Axon Part 1: An Introduction to Axon Framework

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This is the first part of an ongoing series of blogs explaining Axon Framework. This blog will help you get started with axon and get a basic understanding of the same.

Axon Header Image


Understanding Axon requires a basic knowledge of a few Axon concepts. Those are:

  • Microservices
  • Command Query Responsibility Segregation(CQRS)
  • Commands, Events and Queries
  • Domain Driven Design(DDD)
  • Event Sourcing
  • SAGA Design Pattern



The demands of software projects is increasing at a very high pace. Which means projects and code bases are getting more complex with functionalities being constantly added and/or changed. At this point a seemingly easy-to-implement feature can require development teams to take apart an entire application. Also, today’s web applications target the audience of potentially billions of people, making scalability an absolute must requirement.


The (Command Query Responsibility Segregation) CQRS pattern addresses these issues by drastically changing the design of the applications. Instead of separating logic into separate layers, logic is separated based on whether it is changing an application’s state or querying it. While executing commands, the query components update asynchronously using events. This mechanism of updates through events, is what makes this architecture so extensible, scalable and more maintainable.

So Why do we need Axon?

CQRS is fundamentally different than the layered-architecture which makes it difficult for developers to navigate around this architecture.

Axon Framework is designed to support developers to apply the CQRS/DDD architectural pattern and Event Sourcing.It helps developers build easily scalable and maintainable applications by providing implementations of some basic building blocks, such as Aggregates, repositories and event buses (the dispatching mechanism for events). 

Axon also provides annotation support, which can be used to build aggregates and event listeners without using Axon specific logic. This allows developers to focus on the business logic, instead of the plumbing, and helps you to make your code easier to test in isolation.

Axon Architecture

Axon Architecture

As we can see in the above image the command side and query side is clearly separate.

Axon separates Messages in roughly three categories:

Commands: Desire of a component to change something in the system. Routed to a single destination and may provide a response.

Queries: Represent a need for information. May route to one or more destinations depending on dispatch strategy.

Events: Represent the occurrence of something which might be of importance for other components. Events are published to any component interested and do not provide any form of return value.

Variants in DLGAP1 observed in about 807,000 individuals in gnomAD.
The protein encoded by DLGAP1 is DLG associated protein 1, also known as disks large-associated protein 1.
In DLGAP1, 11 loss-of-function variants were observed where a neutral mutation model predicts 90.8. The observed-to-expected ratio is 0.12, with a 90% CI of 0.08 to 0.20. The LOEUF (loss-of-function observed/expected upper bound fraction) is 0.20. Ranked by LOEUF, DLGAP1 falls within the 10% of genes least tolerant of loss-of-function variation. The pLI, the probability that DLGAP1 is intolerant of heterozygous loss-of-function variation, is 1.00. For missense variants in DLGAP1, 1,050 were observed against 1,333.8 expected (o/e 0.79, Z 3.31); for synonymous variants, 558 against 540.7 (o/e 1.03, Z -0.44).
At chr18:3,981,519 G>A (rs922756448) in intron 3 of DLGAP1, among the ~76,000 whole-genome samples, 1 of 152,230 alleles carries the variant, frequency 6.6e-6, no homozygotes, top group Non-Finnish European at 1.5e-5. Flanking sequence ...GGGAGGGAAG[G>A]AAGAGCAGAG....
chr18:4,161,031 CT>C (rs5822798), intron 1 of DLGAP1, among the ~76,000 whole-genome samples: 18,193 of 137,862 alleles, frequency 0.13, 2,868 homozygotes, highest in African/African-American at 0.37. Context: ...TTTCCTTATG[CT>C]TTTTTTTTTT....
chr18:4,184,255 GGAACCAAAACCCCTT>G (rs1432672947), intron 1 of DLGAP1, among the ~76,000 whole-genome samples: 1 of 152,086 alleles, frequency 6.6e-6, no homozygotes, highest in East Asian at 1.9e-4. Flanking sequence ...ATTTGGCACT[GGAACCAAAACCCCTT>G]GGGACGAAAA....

Axon strongly recommends use of explicit message objects. Each Message in an Axon based application represents a specific Java Class in that application. This increases the writing overhead but in turn comes with a few advantages:

  • Use of explicit messages makes it easier to transparently distribute them to remote components.
  • Use of explicit messages is important in the long-term maintainability of an application.
  • Location Transparency: components that interact with each other don’t need to know the location of their counterpart.

Quick Start

Now, lets start setting up axon in our system.

Axon provides a Quick Start Toolkit for setting up Axon Framework and Axon Server SE (Standard Edition).

Note: It requires Java 8+ JRE in your system.

Download here:

This package contains:

  • Axon Framework Binaries
  • Axon Server SE
  • Gift card sample application
  • Getting started guide

After Downloading, follow the steps below to run it:

  • Unzip
  • Run the Axon Server:
$ java -jar AxonServer/axonserver-VERSION.jar
$ cd giftcard-demo && ./mvnw spring-boot:run

Note: If you’re on JAVA 8 please make the following changes:

  • In the extracted folder, open giftcard-demo\pom.xml with an editor or IDE whichever you prefer.
  • Change<java.version>11</java.version> to <java.version>1.8</java.version>
  • Find the maven-compiler-plugin block
  • Replace <release>${java.version}</release> with <source>${java.version}</source> <target>${java.version}</target>
  • Now it should run.

For detailed information please go through the

You can visit axon official documentation here:

This introduction guide will help you get started with Axon. To Know more, please visit Knoldus Blogs for the next part in this series.

Written by 

Agnibhas Chattopadhyay is a Software Consultant at Knoldus Inc. He is very passionate about Technology and Basketball. Experienced in languages like C, C++, Java, Python and frameworks like Spring/Springboot, Apache Kafka and CI/CD tools like Jenkins, Docker. He loves sharing knowledge by writing easy to understand tech blogs.

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